Can anyone impart some wisdom on using laundromats in Italy? We are trying to pack as lightly as possible,and I would like to be prepared for the possibility that we will feel a need to do some wash. I don't jam pack our itinerary, so we will have time to do it if we need. Any advice? Thanks!
We had great success with doing laundry in both Florence and La Spezia. You're in and out in less than 90 minutes. Everything is coin operated. The soap may come out of the machine as a large disk. You need to break this up and put it in the machine. It's a small chore but worth much more than increasing the size of your luggage. The owner of the launderia that we went to spoke English which was nice. The launderia we went to was near the mercato centrale. It's on Via Guelfa just over 1 block east of Via Nazionale. However, they seem to be everywhere.
laundromats are plentiful..i actually used one of the many in florence...absolutly no problem; i just walked around the area while it was being done; it was actually fun!
Thanks Jim! Do you recallwhat neighborhood you were in?
Anne - I remember seeing a laundrymat on Via Guelfa - which is not far from the train station.
All the laundromats that we have used over the years were staffed. For an extra Euro or two they will wash, dry it and fold within a couple of hours. Well worth it.
ummm "what neighborhood"..frieze is very small, and i didn't notice a difference in "neighborhood"..it was just close to the dome, and on the way to my hostel..there were no attendents, which was fine..i felt like a local. :]
Most self-service laundromats in Florence have machines where you insert coins and get tokens for the washer and dryer. Set aside some Euro coins as you travel to use in the machines. Last time I used a laundromat in Florence, a gypsy woman tried to sell me fake tokens. Be alert to that scam.
ya know frank? i tried REALLY really tried hard not to be that kind of obnixious "american"..was in rome , florence, and naples 2 weeks, but towards the end i was YELLING at the gypsies, beggers, ESPECIALLY the women carrying babies obviously drugged..it pissed me off, and got me depressed...if i ever [and i hope i can] get back there, i will be that american..and to those going there: be a jerk, just SCREAM at these ppl to leave you alone.be loud, be obnoxious.maybe they might actually raise their kids differently, maybe they will consider a new "career"..in any case: they don't want untoward attention, and will scatter like the rats they are....sorry if this seems mean..but: THAT was the most sad, disconcerting, and depressing thing about the whole trip.next time: NO COMPASSION.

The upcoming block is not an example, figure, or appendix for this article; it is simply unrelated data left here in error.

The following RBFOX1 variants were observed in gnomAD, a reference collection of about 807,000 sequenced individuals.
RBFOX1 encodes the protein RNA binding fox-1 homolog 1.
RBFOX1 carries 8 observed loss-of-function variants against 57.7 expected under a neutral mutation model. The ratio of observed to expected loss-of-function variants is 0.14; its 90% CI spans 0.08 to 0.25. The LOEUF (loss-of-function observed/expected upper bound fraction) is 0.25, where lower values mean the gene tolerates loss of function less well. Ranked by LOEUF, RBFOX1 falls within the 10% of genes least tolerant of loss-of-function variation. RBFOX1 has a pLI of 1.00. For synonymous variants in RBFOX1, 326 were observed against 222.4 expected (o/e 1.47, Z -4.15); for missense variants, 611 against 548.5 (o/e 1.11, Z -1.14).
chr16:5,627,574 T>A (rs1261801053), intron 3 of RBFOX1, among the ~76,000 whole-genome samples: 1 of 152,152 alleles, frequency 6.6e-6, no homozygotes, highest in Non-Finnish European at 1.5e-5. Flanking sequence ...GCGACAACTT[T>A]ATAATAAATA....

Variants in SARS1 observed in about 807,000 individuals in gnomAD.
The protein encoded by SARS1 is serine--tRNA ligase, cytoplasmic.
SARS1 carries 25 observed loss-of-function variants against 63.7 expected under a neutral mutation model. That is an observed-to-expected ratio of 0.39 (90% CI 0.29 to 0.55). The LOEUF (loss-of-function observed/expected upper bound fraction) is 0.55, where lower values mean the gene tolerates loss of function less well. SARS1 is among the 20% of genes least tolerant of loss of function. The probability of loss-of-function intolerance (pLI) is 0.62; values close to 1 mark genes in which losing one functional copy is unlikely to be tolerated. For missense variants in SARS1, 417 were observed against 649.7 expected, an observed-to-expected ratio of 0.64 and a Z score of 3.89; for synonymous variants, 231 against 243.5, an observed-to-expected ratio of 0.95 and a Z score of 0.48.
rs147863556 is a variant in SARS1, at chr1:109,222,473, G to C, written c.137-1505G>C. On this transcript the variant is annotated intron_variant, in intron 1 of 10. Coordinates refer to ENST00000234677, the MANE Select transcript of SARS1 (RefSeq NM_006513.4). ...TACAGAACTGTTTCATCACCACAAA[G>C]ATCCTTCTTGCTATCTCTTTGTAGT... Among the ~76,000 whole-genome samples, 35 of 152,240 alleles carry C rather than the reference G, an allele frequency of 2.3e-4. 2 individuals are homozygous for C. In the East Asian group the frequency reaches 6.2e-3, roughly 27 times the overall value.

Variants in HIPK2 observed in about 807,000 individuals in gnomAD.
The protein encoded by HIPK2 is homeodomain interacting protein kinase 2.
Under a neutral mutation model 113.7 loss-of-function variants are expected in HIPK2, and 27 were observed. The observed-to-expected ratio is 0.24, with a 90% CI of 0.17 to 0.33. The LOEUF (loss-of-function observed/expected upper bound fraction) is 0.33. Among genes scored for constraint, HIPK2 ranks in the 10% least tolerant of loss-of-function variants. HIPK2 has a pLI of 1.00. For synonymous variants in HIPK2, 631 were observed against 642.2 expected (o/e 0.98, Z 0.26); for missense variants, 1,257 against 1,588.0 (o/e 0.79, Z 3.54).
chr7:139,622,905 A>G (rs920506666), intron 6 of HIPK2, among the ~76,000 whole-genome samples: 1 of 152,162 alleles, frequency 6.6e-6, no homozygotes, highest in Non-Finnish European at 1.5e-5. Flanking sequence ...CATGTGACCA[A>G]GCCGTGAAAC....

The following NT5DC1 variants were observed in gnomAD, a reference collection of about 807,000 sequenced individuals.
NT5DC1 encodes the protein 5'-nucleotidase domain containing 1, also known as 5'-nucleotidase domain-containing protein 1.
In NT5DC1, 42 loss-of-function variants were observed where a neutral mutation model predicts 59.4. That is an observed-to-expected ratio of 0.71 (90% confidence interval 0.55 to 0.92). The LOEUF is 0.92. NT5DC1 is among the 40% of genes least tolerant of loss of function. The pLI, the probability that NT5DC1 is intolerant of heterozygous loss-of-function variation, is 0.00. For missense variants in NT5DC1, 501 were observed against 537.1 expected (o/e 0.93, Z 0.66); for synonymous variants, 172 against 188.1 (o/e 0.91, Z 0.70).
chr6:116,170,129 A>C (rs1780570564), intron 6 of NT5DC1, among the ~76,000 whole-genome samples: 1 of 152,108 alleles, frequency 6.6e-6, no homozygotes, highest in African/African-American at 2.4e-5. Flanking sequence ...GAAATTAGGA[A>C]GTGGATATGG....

Jim as far as I'm concerned all the rules on how to behave don't apply to gypsies, thieves and beggars. They harass people and play on the fact that you don't want to cause a scene!
Rick's Italy book recommends the Wash & Dry Lavarapido chain. Via del Servi 105 (near David), Via del Sole 29 red and Via della Scala 52 red (between train station and river). Several others; I can give you the whole list if these don't match your area.
Jim, I didn't have to act badly. When I responded that I'd prefer to buy real tokens from the machine, she knew she was busted and quietly left.
We did laundry in Florence. We stayed near Santa Croce and found a place a few blocks away on Via Ghibellina (in Rick's book). It was self-service, but small (only 4 washers and 2 dryers). It took only 30 min to wash and 25 min to dry. No one bothered us while we were there. It cost 6 euro total plus 50 cents for detergent. We ended up doing laundry twice during our 2 week stay, and it was much easier and less time consuming than we expected.
Off topic, but based on the previous posts about problems with gypsies... I actually found the rose and annoying toy vendors to be more aggressive in Italy than the gypsies. In Venice, the guys with the Roses were practically forcing the roses in my face, in my folded arms and would not leave us alone. The gypsies typically went on to the next person when we said "No" forcefully and turned our backs on them (with our hands on our wallet and purse).